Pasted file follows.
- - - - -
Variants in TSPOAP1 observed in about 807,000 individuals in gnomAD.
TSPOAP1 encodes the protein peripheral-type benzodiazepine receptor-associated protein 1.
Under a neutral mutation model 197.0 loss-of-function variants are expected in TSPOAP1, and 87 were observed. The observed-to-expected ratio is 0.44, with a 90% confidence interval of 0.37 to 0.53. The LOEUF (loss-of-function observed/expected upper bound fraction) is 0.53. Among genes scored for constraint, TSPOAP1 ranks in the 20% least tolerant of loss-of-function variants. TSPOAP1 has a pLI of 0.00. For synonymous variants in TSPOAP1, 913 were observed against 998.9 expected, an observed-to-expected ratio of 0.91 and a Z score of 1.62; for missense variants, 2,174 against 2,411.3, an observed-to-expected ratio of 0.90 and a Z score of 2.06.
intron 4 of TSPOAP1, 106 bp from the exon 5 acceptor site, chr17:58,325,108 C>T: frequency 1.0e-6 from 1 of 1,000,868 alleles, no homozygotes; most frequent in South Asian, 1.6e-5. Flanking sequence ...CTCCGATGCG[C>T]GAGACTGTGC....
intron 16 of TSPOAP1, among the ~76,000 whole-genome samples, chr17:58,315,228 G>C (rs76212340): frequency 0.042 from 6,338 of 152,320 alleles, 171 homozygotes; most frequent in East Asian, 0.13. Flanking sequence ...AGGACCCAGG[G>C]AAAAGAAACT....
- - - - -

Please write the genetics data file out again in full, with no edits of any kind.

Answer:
Variants in TSPOAP1 observed in about 807,000 individuals in gnomAD.
TSPOAP1 encodes the protein peripheral-type benzodiazepine receptor-associated protein 1.
Under a neutral mutation model 197.0 loss-of-function variants are expected in TSPOAP1, and 87 were observed. The observed-to-expected ratio is 0.44, with a 90% confidence interval of 0.37 to 0.53. The LOEUF (loss-of-function observed/expected upper bound fraction) is 0.53. Among genes scored for constraint, TSPOAP1 ranks in the 20% least tolerant of loss-of-function variants. TSPOAP1 has a pLI of 0.00. For synonymous variants in TSPOAP1, 913 were observed against 998.9 expected, an observed-to-expected ratio of 0.91 and a Z score of 1.62; for missense variants, 2,174 against 2,411.3, an observed-to-expected ratio of 0.90 and a Z score of 2.06.
intron 4 of TSPOAP1, 106 bp from the exon 5 acceptor site, chr17:58,325,108 C>T: frequency 1.0e-6 from 1 of 1,000,868 alleles, no homozygotes; most frequent in South Asian, 1.6e-5. Flanking sequence ...CTCCGATGCG[C>T]GAGACTGTGC....
intron 16 of TSPOAP1, among the ~76,000 whole-genome samples, chr17:58,315,228 G>C (rs76212340): frequency 0.042 from 6,338 of 152,320 alleles, 171 homozygotes; most frequent in East Asian, 0.13. Flanking sequence ...AGGACCCAGG[G>C]AAAAGAAACT....